Privatization in Long-Term Care Homes

Monday, 16 July 2018: 19:45
Oral Presentation
Pat ARMSTRONG, York University, Canada
Hugh ARMSTRONG, Carleton University, Canada
This paper is a product of our major collaborative research initiative, “Reimagining Long-Term Residential Care: An International Study of Promising Practices”. The initiative brought together in 2010 Principal Investigator Pat Armstrong with 26 faculty from six countries (Canada, Germany, Norway, Sweden the UK, and the US) and from a dozen academic disciplines in addition to sociology. About 60 graduate students, postdoctoral fellows and research associates have also participated.

We employ two main methodologies: analytical mapping and rapid, site-switching ethnography. Mapping enables us to examine developments on issues such as legislation and regulations, funding, access, quality measures, staffing models and levels, and outcomes. In our ethnographic approach, teams of 12 to 14 researchers together spend up to a week observing and interviewing in one of the 27 nursing homes we have visited. Some bring long experience in nursing home research; others bring fresh eyes to the sector. Over 50 publications have resulted from our collective teamwork.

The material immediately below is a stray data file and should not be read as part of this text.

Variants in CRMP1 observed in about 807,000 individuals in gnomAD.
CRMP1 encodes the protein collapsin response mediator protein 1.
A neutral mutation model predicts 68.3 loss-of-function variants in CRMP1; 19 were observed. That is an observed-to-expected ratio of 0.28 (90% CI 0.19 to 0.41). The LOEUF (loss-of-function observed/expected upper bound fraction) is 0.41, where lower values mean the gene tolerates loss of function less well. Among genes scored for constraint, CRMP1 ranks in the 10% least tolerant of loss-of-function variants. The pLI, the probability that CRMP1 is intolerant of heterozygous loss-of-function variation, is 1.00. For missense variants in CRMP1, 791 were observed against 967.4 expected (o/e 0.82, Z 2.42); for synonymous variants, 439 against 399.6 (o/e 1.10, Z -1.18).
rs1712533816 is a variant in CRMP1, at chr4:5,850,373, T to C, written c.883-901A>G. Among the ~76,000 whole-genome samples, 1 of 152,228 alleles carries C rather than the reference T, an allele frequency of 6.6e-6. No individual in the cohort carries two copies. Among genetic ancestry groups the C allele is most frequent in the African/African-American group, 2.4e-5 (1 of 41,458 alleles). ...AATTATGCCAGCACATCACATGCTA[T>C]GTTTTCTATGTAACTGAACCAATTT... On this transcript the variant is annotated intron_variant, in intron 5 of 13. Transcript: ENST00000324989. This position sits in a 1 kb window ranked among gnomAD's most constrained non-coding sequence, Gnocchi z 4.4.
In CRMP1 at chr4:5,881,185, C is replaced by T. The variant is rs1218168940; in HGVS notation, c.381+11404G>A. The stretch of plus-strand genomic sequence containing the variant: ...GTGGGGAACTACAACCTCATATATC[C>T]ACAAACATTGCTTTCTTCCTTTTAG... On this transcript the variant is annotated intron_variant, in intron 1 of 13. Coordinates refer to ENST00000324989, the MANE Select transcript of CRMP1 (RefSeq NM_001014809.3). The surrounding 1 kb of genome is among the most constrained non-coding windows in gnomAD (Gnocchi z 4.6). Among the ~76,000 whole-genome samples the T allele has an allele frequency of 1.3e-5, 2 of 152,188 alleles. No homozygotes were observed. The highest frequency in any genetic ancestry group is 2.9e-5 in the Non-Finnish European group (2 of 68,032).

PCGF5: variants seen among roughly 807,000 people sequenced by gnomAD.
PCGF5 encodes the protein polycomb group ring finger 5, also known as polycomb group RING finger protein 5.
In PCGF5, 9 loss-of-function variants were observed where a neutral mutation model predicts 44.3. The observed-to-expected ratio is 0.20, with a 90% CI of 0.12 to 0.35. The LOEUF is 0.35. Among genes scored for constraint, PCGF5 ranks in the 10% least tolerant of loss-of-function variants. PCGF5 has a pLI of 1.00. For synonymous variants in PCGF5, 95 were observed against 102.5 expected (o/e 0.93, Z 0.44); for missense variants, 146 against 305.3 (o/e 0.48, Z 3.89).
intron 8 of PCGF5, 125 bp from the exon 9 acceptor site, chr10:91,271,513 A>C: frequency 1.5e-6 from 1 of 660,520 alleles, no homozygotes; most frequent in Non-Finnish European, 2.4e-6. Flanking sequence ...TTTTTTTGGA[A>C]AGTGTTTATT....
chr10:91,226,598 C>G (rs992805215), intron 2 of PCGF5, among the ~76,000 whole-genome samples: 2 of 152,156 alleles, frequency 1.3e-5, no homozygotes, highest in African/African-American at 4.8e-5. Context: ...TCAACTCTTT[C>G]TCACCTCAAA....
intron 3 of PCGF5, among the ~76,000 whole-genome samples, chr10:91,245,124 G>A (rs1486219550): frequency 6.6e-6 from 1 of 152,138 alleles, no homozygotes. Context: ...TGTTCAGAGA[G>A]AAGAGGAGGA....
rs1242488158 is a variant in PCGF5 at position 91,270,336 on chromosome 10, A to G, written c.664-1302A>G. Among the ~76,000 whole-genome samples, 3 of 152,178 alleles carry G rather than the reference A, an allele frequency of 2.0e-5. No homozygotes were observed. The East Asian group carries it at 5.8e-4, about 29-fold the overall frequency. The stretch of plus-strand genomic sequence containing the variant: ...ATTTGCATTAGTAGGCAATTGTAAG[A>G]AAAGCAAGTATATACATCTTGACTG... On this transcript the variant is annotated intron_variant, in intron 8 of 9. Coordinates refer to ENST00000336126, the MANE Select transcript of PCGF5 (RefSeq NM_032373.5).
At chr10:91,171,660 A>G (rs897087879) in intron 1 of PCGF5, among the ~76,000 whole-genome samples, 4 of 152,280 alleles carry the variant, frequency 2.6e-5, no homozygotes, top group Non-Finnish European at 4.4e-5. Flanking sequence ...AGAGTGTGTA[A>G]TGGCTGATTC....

It has become increasingly clear that financing and ownership issues have an impact on the project’s other three central themes: work organization, approaches to care, and accountability and governance. The impact is demonstrably felt at the level of public and non-profit vs. for-profit ownership. The focus here is on several other forms of privatization. We examine the insertion by branches of for-profit nursing home chains and consulting firms into the management of non-profit and public homes. We consider the adoption of the practices and the language of business in these homes. We explore the influence of increasing for-profit ownership on the state’s regulatory, inspection and data collection activities. We assess how restrictions on the numbers of publicly funded nursing home spaces impose in turn increased burdens on that other private realm, the household, and on the predominantly unpaid female workers there.